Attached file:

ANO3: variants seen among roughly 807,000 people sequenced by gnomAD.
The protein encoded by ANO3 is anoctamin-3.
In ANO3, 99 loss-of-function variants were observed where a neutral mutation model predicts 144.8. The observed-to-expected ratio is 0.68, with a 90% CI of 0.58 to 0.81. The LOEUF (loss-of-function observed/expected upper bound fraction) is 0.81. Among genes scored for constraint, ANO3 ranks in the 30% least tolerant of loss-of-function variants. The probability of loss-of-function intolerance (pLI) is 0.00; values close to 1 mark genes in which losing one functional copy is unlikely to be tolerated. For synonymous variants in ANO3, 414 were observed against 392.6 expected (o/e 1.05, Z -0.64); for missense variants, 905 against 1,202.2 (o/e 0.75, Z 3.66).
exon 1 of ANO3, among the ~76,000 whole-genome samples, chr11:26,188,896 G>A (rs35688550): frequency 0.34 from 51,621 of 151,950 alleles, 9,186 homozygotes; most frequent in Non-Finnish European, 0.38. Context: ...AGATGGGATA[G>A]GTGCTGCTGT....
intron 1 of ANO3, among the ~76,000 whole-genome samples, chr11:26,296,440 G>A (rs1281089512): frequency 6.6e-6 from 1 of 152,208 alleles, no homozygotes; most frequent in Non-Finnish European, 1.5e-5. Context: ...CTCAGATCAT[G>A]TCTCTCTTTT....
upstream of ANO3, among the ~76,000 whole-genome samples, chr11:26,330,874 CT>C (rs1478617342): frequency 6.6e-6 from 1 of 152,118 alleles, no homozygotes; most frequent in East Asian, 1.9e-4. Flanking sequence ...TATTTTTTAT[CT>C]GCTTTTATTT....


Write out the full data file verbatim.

ANO3: variants seen among roughly 807,000 people sequenced by gnomAD.
The protein encoded by ANO3 is anoctamin-3.
In ANO3, 99 loss-of-function variants were observed where a neutral mutation model predicts 144.8. The observed-to-expected ratio is 0.68, with a 90% CI of 0.58 to 0.81. The LOEUF (loss-of-function observed/expected upper bound fraction) is 0.81. Among genes scored for constraint, ANO3 ranks in the 30% least tolerant of loss-of-function variants. The probability of loss-of-function intolerance (pLI) is 0.00; values close to 1 mark genes in which losing one functional copy is unlikely to be tolerated. For synonymous variants in ANO3, 414 were observed against 392.6 expected (o/e 1.05, Z -0.64); for missense variants, 905 against 1,202.2 (o/e 0.75, Z 3.66).
exon 1 of ANO3, among the ~76,000 whole-genome samples, chr11:26,188,896 G>A (rs35688550): frequency 0.34 from 51,621 of 151,950 alleles, 9,186 homozygotes; most frequent in Non-Finnish European, 0.38. Context: ...AGATGGGATA[G>A]GTGCTGCTGT....
intron 1 of ANO3, among the ~76,000 whole-genome samples, chr11:26,296,440 G>A (rs1281089512): frequency 6.6e-6 from 1 of 152,208 alleles, no homozygotes; most frequent in Non-Finnish European, 1.5e-5. Context: ...CTCAGATCAT[G>A]TCTCTCTTTT....
upstream of ANO3, among the ~76,000 whole-genome samples, chr11:26,330,874 CT>C (rs1478617342): frequency 6.6e-6 from 1 of 152,118 alleles, no homozygotes; most frequent in East Asian, 1.9e-4. Flanking sequence ...TATTTTTTAT[CT>C]GCTTTTATTT....